health-ins-300x225-9563457New York’s employer-sponsored health insurance premiums – which were already among the steepest in the mainland United States – rose faster than the national average in 2018, pushing the state’s affordability gap to new heights.

The state’s average single-coverage premium in 2018 surged by almost 6 percent to $7,741 – second only to Alaska (see chart). The rate is 15 percent higher than the national average, New York’s widest gap since the federal survey began in 1996.

The average premium for family coverage grew 3 percent to $21,904. That also ranks second, behind New Jersey, and stands 12 percent higher than the national norm.

premiums-by-state-2018-7363408
Source: Agency for Healthcare Research and Quality (click to enlarge)

 

The results, from a recently published federal survey, are the latest symptom of an unusual cost spiral in New York’s health-care system.

Earlier this month, a study from the New York State Health Foundation and the Health Care Cost Institute found that the state’s employer-sponsored insurance spending per person rose twice as fast as the national average from 2013 to 2017, outpacing every other state but North Dakota.

Meanwhile, Medicaid spending has been spiking so dramatically that the Cuomo administration resorted to postponing $1.7 billion in payments from the end of fiscal year 2019 to the beginning of fiscal 2020 to stay in technical compliance with a budget cap. If not for that gimmick, state expenditures would have exceeded budgeted amount by almost 8 percent.

Why are New York’s cost pressures especially severe? Contributing factors include the state’s generally high cost of living, especially downstate, along with rapid consolidation in the health-care industry and a high rate of unionization among health workers.

State policies also play a part, including heavy state taxes levied directly on health insurance – which add $5 billion a year to premiums – and an ever-growing list of coverage mandates that Albany routinely enacts without careful cost-benefit analysis.

Far from acting to control health spending, Governor Cuomo and the Legislature keep doing things that will push it higher.

On Aug. 2, for example, Governor Cuomo signed a bill mandating insurers to cover annual mammography screenings for breast cancer starting at age 35 instead of 40, which is the existing policy. The U.S. Preventive Services Task Force does not recommend routine screening until age 50, and says it should be done every other year.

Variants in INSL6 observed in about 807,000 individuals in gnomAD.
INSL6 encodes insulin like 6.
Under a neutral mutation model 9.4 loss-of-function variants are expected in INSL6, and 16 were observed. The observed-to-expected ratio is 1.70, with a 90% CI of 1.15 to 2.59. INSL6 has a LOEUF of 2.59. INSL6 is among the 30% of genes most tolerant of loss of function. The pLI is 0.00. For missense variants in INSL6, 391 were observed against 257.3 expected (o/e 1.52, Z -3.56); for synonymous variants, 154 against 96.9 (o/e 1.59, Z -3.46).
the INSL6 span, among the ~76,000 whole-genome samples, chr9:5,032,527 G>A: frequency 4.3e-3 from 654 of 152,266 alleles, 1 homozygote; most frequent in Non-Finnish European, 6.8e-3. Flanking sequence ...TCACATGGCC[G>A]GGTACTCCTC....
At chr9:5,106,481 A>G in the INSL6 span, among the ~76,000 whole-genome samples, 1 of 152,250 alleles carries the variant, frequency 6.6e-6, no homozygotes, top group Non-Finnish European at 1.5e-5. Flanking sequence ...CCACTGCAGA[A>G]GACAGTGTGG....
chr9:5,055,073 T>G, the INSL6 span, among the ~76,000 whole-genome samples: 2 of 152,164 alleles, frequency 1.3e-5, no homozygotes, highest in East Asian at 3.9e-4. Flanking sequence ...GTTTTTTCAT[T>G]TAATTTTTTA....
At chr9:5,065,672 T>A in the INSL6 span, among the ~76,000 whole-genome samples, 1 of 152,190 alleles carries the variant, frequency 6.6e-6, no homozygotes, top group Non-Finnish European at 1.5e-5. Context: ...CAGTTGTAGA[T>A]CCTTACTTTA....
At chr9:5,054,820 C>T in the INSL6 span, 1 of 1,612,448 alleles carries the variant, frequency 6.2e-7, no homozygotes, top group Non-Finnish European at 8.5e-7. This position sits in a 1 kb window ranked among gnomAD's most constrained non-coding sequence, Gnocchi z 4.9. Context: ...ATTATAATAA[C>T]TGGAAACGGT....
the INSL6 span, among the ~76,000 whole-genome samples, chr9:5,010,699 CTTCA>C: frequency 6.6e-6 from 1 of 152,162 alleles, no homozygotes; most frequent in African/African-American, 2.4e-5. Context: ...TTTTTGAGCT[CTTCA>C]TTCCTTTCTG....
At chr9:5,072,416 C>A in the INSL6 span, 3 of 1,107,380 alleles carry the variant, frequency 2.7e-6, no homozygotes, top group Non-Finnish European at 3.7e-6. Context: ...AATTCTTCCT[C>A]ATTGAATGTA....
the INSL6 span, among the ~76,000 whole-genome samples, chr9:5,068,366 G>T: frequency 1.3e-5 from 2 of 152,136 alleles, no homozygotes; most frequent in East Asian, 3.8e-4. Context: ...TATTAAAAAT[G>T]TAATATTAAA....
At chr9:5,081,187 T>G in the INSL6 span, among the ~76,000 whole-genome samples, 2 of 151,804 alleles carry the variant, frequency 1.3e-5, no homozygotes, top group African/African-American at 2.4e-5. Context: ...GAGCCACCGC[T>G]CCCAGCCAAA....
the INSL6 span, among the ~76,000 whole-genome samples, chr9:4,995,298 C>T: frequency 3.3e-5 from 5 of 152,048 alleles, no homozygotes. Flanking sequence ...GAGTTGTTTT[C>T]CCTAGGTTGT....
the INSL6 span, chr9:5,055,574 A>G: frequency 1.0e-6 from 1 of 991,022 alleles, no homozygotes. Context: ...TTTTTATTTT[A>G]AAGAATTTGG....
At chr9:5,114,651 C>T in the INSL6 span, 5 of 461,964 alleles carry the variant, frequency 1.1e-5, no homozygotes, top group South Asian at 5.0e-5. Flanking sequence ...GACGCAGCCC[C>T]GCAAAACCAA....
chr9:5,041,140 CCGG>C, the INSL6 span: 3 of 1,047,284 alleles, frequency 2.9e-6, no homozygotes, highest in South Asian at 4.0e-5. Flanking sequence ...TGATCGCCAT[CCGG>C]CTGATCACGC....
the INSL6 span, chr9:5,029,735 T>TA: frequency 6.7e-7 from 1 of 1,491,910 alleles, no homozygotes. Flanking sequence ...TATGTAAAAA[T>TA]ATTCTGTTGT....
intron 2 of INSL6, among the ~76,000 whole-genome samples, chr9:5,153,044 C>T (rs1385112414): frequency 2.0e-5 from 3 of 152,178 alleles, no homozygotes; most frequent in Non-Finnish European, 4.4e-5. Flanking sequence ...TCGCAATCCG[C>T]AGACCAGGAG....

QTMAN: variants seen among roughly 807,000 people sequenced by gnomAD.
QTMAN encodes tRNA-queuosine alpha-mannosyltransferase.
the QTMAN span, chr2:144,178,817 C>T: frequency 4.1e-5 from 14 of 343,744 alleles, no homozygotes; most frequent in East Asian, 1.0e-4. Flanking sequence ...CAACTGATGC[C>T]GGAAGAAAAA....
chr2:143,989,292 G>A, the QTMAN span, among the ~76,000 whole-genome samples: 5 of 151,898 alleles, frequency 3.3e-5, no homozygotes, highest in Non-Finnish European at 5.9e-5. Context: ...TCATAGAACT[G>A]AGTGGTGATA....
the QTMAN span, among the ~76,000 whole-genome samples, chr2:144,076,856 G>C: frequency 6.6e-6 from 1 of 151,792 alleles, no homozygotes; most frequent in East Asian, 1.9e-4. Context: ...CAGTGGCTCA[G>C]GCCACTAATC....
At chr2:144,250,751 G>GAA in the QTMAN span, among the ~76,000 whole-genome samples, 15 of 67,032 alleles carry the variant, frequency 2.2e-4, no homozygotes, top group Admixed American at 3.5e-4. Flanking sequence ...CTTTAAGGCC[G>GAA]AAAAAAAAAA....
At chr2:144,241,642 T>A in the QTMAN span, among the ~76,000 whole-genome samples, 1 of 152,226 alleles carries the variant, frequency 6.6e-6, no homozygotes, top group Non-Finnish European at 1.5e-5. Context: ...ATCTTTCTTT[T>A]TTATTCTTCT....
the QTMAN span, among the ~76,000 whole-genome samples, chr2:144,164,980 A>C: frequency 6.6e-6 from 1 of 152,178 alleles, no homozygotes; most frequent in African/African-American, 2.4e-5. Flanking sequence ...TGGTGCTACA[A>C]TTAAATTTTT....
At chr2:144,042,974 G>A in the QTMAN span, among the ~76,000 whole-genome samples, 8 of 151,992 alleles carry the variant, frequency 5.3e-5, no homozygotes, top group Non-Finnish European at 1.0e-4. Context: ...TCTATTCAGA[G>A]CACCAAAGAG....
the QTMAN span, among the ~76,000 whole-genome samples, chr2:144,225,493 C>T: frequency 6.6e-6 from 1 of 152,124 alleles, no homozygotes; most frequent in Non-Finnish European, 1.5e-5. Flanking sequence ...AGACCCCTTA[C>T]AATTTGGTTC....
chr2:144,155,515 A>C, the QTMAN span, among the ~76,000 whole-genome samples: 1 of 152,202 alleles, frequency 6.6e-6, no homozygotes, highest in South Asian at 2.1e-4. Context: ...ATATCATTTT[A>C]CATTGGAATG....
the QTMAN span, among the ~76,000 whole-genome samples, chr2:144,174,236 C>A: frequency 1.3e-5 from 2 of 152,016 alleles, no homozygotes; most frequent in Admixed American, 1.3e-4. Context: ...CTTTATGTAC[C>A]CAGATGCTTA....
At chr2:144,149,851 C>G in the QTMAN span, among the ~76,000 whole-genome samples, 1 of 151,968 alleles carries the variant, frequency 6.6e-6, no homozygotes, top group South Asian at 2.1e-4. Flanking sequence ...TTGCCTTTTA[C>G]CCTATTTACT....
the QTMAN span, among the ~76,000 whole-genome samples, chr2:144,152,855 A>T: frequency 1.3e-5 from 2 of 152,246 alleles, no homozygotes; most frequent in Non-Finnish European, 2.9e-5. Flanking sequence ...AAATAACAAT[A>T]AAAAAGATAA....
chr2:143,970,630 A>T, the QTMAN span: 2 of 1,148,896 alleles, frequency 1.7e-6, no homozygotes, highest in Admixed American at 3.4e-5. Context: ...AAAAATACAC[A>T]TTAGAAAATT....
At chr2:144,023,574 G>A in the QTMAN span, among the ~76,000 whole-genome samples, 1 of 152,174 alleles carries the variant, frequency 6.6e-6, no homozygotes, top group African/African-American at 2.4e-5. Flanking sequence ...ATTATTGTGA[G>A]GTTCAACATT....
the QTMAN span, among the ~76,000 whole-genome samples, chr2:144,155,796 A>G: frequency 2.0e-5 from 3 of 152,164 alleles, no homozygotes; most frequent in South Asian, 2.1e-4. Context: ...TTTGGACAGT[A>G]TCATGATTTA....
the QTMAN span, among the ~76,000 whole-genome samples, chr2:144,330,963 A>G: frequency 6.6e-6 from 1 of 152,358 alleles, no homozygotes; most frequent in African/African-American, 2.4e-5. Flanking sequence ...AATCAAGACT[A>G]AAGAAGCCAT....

That was one of 10 eight mandates passed by the Legislature this year, three of which have been signed by the governor so far. The most significant was a requirement that large-group plans cover in vitro fertilization, which by itself is projected to increase premiums by 1 percent, or more than $200 for a family of four. 

When Medicaid spending first showed signs of running over budget last summer, the Cuomo administration refrained from developing a cost-control plan as the “global cap” law provides. Instead, the governor quietly approved a major rate increase for hospitals and nursing homes – a top priority of industry lobbying groups that were backing his reelection campaign.

premiums-by-group-size-2018-4315407
Source: Agency for Healthcare Research and Quality (click to enlarge)

 

More evidence of the harm done by state policy is found in the federal premium data.

Large employers – most of which escape the state’s heavy-handed regulations by becoming “self-insured” – paid average single-coverage premiums that ran 7 percent higher than the national norm in 2018 (see chart).

By contrast, employers with fewer than 50 workers – which are fully exposed to Albany’s policy regime – paid premiums that were 30 percent higher than the U.S. average.

It’s clear that excessive health costs are a growing burden on New Yorkers – and that decisions made in Albany are part of the problem. The question is whether state lawmakers will start trying to make things better rather than worse.